The exception in this first section is Joycelyn K. Moody’s essay entitled “To Be Young, Pregnant, and Black: My Life as A Welfare Coed,” which describes the author’s personal self-hatred, experienced earlier in her career, as a result of the negative media images of black women. Her memories of being one of a few African American women at a small, Catholic college in the South are the kind of recollections that cause goose bumps to appear on your skin. Moody’s honesty brings you into her situation and her clarity keeps you there allowing you to learn from her experiences.
Section Two of the book exposes the racist portrayal of “welfare queens” by telling the actual stories of these women. In particular this section discusses the way the media, the academy, and the government scandalizes these women and how policies that profess to help women on welfare actually hurt them.
Tonya Mitchell, for example, writes of being “young, black, pregnant, unwed, and poor (p. 85).” Her story is tangible and real. When she writes about visiting the welfare office she brings the reader face to face with the underlying purpose (I think) of this book – to make us understand the experiences of these women so that we might act upon our shock and discomfort and seek to change the way higher education operates. Mitchell writes:
As I approached the reception desk, a clerk looked at my small, brown, and still not showing body and bitterly remarked, ‘Pregnant, I suppose!’ From there it went downhill. During my screening, the caseworker sarcastically stated, ‘I suppose you don’t know who the daddy is’; stifled a laugh when I said I planned to finish my GED and go on to college; and glared at me when I told him that I refused to have my teachers – who did not yet know I was pregnant – sign notes for the welfare office stating that I was still in school and in good standing (p. 113-114).
Mitchell’s story was particularly troubling because she has not overcome her problems and, in fact, had to drop out of college due to welfare reform. I am grateful to the editors for including her story, but wish that more of the women’s stories had both the clarity and complexity of Mitchell’s. The stories in Section Two of Reclaiming Class are vivid – a mixture of despair, joy, failure, and success.
Section Three puts the women’s stories into context providing statistical detail and in-depth information on the extent of the abuse taking place in these women’s lives – both physical and emotional. The authors sort out the contradictions of welfare reform, showing the repressive effect it has on those it purports to help. In an essay entitled “That’s Why I’m on Prozac,” Lisa D. Brush pleads with us to make changes in the way we approach low-income women:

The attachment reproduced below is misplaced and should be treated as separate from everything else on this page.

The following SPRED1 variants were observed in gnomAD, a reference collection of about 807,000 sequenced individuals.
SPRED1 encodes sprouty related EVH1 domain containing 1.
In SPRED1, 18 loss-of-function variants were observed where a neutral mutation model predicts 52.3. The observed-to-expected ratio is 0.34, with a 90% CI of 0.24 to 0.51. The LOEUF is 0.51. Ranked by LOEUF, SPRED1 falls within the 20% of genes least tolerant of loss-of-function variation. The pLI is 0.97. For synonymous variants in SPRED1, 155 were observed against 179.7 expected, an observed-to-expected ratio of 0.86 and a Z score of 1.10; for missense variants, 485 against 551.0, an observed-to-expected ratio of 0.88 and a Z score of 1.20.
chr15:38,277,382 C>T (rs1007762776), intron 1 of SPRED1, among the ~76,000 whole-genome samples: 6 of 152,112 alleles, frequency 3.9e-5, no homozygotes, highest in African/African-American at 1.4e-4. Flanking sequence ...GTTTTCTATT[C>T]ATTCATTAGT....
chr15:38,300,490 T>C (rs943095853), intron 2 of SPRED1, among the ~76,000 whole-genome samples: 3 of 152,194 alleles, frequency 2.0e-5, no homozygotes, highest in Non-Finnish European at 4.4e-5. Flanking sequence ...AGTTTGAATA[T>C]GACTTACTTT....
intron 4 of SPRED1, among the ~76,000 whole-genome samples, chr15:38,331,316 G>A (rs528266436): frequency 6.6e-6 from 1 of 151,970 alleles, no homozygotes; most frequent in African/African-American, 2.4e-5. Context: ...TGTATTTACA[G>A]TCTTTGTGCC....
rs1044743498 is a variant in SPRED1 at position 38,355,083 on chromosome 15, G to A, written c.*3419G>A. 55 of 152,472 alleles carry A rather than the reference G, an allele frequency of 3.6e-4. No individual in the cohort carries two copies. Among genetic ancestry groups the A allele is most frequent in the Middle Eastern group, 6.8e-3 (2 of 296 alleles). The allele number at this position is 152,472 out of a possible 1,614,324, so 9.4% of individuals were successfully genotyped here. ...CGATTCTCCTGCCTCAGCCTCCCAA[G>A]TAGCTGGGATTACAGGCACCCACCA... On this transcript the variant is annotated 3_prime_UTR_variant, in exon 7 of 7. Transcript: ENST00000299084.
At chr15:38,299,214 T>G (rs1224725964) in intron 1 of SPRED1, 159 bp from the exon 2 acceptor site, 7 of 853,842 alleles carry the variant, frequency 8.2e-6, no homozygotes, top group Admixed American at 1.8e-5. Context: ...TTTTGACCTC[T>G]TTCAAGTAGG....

Educators and welfare administrators and staff have to respect welfare recipients, and policy has to be built on the realities of women’s lives, not just stereotypes. Thinking clearly about complicated social problems and working on a case-by-case basis with poor women takes time, money, and effort. However, we cannot afford to do any less (p. 235).
Although it lacks the richness of the accounts in section two, this part of the book is filled with important information and is very helpful to both policy makers and faculty interested in the politics of education or education policy.
Despite the occasional theoretical clouding of an issue, I found Reclaiming Class to be a very worthwhile read, and I would recommend it to several audiences: first, women who have had similar experiences; second, faculty – both men and women – who want to understand better the perspectives and backgrounds of their students (something in which I hope we are all interested); and third, policy makers or those who influence policy makers. The editors and authors have put together an important text that brings to the surface the absurdity of the welfare system as well as the way that colleges and universities often work against women who are trying to better themselves educationally and their families financially.